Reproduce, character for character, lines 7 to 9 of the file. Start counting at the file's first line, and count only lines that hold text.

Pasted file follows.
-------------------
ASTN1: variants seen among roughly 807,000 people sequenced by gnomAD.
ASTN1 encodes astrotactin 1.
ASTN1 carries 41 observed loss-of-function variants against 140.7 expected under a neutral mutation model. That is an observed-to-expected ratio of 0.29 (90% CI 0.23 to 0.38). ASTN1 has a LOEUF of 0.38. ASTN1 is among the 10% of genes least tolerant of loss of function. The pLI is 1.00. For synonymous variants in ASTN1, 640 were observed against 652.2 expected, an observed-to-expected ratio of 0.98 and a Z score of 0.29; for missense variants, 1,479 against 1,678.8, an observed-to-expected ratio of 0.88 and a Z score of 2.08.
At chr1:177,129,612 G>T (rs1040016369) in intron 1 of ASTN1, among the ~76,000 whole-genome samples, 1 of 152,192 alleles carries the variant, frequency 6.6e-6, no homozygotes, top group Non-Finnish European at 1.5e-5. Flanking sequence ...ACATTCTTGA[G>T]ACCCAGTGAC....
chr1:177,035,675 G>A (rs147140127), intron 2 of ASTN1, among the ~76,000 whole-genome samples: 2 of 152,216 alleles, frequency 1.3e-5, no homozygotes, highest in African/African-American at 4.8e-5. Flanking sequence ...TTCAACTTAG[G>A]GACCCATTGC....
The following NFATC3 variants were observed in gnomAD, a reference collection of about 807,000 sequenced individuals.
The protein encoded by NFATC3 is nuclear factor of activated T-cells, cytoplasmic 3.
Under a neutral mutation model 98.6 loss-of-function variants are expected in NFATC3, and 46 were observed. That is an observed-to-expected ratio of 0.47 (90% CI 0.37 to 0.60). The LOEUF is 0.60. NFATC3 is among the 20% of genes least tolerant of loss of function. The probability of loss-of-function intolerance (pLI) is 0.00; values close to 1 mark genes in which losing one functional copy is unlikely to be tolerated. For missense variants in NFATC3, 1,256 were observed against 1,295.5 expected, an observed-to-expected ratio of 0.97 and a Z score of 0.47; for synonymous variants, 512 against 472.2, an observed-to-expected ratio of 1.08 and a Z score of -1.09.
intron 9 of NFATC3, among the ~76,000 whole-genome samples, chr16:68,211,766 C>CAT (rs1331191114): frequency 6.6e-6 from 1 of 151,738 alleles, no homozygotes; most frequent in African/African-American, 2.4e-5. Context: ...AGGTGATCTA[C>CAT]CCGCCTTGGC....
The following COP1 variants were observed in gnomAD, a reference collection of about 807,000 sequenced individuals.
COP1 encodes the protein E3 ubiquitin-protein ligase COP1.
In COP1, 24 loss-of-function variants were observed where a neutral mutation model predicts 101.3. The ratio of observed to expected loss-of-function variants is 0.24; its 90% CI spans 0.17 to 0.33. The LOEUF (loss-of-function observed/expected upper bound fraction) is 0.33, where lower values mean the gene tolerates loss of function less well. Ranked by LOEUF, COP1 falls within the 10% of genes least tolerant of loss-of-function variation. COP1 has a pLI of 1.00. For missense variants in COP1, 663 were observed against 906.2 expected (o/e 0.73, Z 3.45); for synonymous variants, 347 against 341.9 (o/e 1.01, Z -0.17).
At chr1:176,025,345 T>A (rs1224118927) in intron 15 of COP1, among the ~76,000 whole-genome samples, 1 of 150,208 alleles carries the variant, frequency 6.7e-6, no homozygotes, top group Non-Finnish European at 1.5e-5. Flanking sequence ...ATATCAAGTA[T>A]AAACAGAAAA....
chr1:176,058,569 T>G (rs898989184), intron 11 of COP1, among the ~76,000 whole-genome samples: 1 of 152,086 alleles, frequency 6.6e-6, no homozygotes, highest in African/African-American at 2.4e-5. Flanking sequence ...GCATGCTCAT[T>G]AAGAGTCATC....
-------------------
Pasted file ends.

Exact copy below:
The protein encoded by NFATC3 is nuclear factor of activated T-cells, cytoplasmic 3.
Under a neutral mutation model 98.6 loss-of-function variants are expected in NFATC3, and 46 were observed. That is an observed-to-expected ratio of 0.47 (90% CI 0.37 to 0.60). The LOEUF is 0.60. NFATC3 is among the 20% of genes least tolerant of loss of function. The probability of loss-of-function intolerance (pLI) is 0.00; values close to 1 mark genes in which losing one functional copy is unlikely to be tolerated. For missense variants in NFATC3, 1,256 were observed against 1,295.5 expected, an observed-to-expected ratio of 0.97 and a Z score of 0.47; for synonymous variants, 512 against 472.2, an observed-to-expected ratio of 1.08 and a Z score of -1.09.
intron 9 of NFATC3, among the ~76,000 whole-genome samples, chr16:68,211,766 C>CAT (rs1331191114): frequency 6.6e-6 from 1 of 151,738 alleles, no homozygotes; most frequent in African/African-American, 2.4e-5. Context: ...AGGTGATCTA[C>CAT]CCGCCTTGGC....